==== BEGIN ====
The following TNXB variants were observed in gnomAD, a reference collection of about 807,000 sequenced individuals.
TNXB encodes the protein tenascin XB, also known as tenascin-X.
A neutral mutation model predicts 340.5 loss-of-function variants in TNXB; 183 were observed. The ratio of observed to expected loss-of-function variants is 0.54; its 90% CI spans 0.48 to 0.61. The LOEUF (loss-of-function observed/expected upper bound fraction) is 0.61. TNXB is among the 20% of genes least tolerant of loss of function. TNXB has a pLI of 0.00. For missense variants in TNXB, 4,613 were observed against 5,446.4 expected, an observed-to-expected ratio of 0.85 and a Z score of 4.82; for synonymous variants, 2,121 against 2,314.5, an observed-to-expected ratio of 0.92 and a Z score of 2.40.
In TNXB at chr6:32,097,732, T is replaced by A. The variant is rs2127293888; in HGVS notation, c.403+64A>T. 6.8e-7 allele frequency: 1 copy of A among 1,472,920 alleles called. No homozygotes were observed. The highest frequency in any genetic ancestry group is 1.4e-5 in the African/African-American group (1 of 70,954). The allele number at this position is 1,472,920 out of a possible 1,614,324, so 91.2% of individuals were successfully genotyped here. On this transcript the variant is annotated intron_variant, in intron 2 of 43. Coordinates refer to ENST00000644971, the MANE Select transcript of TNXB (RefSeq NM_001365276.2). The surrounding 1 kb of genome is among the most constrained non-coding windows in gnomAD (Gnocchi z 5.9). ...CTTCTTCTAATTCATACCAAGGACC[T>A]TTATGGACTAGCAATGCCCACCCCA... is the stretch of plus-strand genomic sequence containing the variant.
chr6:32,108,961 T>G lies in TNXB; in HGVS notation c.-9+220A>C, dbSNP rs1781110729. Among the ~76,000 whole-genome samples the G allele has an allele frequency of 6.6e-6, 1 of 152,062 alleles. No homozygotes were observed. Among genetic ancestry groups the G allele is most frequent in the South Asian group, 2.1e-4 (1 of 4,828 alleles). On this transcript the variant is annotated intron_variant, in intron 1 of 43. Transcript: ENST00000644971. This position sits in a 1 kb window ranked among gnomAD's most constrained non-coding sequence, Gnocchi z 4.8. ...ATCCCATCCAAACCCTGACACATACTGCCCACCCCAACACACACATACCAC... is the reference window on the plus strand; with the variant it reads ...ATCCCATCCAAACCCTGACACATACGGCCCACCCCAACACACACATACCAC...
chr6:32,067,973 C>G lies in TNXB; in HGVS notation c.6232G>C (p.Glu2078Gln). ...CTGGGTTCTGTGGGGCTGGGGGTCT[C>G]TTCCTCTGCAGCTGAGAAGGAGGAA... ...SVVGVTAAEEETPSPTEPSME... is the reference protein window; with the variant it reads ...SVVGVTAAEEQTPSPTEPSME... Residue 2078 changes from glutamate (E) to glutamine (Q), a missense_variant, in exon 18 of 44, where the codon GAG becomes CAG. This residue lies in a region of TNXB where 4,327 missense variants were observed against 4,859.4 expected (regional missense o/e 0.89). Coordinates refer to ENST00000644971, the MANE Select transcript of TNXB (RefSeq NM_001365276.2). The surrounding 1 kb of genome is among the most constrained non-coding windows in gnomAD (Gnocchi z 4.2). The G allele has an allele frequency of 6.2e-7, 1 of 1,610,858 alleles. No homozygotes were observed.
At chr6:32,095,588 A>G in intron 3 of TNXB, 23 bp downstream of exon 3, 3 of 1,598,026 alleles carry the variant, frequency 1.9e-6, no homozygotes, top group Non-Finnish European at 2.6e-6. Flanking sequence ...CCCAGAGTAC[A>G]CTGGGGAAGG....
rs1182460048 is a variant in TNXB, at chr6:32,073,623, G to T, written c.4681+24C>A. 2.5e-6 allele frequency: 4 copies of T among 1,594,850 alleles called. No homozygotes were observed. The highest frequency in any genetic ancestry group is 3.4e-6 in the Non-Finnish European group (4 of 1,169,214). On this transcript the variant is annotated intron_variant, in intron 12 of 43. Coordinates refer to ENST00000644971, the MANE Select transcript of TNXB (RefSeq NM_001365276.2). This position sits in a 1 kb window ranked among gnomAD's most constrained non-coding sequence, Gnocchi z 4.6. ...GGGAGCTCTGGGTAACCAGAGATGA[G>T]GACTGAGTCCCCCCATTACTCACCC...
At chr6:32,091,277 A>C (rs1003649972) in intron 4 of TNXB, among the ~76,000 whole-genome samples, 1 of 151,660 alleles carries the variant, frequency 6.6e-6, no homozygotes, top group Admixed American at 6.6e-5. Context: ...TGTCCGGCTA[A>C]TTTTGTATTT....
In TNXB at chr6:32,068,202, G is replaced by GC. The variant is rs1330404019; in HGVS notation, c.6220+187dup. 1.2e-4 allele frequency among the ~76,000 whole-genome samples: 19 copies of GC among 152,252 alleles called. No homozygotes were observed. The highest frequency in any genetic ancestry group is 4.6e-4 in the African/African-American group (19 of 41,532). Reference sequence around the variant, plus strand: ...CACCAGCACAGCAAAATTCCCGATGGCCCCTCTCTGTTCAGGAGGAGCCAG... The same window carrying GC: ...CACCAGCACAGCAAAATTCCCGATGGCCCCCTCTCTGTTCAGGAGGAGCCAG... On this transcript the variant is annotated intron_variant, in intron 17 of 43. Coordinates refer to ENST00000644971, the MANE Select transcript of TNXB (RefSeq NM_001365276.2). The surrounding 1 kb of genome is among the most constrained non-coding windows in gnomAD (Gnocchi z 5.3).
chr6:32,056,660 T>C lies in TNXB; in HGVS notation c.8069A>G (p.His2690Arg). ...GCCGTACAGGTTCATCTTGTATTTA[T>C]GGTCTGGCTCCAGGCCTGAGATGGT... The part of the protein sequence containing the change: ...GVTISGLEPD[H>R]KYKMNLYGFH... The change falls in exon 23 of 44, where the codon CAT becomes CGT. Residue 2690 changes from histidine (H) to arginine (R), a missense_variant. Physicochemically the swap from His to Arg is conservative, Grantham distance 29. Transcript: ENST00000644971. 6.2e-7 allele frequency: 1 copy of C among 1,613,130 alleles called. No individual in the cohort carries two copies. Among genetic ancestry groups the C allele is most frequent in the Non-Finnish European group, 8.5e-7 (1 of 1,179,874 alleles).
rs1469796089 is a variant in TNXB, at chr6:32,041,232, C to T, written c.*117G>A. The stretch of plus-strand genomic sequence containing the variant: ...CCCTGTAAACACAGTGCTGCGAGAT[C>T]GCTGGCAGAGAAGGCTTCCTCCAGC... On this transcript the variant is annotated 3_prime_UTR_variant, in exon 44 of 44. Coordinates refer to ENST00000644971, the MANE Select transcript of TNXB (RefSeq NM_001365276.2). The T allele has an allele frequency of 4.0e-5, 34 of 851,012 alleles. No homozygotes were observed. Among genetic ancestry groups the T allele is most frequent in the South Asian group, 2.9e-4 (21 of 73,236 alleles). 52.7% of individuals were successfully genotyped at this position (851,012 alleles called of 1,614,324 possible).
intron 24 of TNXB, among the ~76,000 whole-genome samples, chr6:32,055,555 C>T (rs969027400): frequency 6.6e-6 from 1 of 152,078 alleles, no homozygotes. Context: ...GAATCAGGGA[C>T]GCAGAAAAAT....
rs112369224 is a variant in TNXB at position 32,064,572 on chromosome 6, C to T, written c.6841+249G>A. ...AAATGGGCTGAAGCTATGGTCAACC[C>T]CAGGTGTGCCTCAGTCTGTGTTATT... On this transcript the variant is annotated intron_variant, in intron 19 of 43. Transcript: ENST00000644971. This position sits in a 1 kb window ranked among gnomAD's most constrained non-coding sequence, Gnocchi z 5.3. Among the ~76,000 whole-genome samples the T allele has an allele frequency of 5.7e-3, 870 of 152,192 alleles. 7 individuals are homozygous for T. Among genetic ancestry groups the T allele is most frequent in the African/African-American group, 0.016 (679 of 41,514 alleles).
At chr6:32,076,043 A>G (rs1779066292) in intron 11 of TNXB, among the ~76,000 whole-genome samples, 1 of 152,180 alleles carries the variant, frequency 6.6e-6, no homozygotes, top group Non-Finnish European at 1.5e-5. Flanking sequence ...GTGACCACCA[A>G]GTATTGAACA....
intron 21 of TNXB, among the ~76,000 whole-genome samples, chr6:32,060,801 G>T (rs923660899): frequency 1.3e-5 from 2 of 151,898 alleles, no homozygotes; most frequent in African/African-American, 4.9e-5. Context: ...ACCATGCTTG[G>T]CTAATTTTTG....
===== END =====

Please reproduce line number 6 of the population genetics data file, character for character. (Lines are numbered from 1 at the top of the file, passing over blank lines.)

chr6:32,067,973 C>G lies in TNXB; in HGVS notation c.6232G>C (p.Glu2078Gln). ...CTGGGTTCTGTGGGGCTGGGGGTCT[C>G]TTCCTCTGCAGCTGAGAAGGAGGAA... ...SVVGVTAAEEETPSPTEPSME... is the reference protein window; with the variant it reads ...SVVGVTAAEEQTPSPTEPSME... Residue 2078 changes from glutamate (E) to glutamine (Q), a missense_variant, in exon 18 of 44, where the codon GAG becomes CAG. This residue lies in a region of TNXB where 4,327 missense variants were observed against 4,859.4 expected (regional missense o/e 0.89). Coordinates refer to ENST00000644971, the MANE Select transcript of TNXB (RefSeq NM_001365276.2). The surrounding 1 kb of genome is among the most constrained non-coding windows in gnomAD (Gnocchi z 4.2). The G allele has an allele frequency of 6.2e-7, 1 of 1,610,858 alleles. No homozygotes were observed.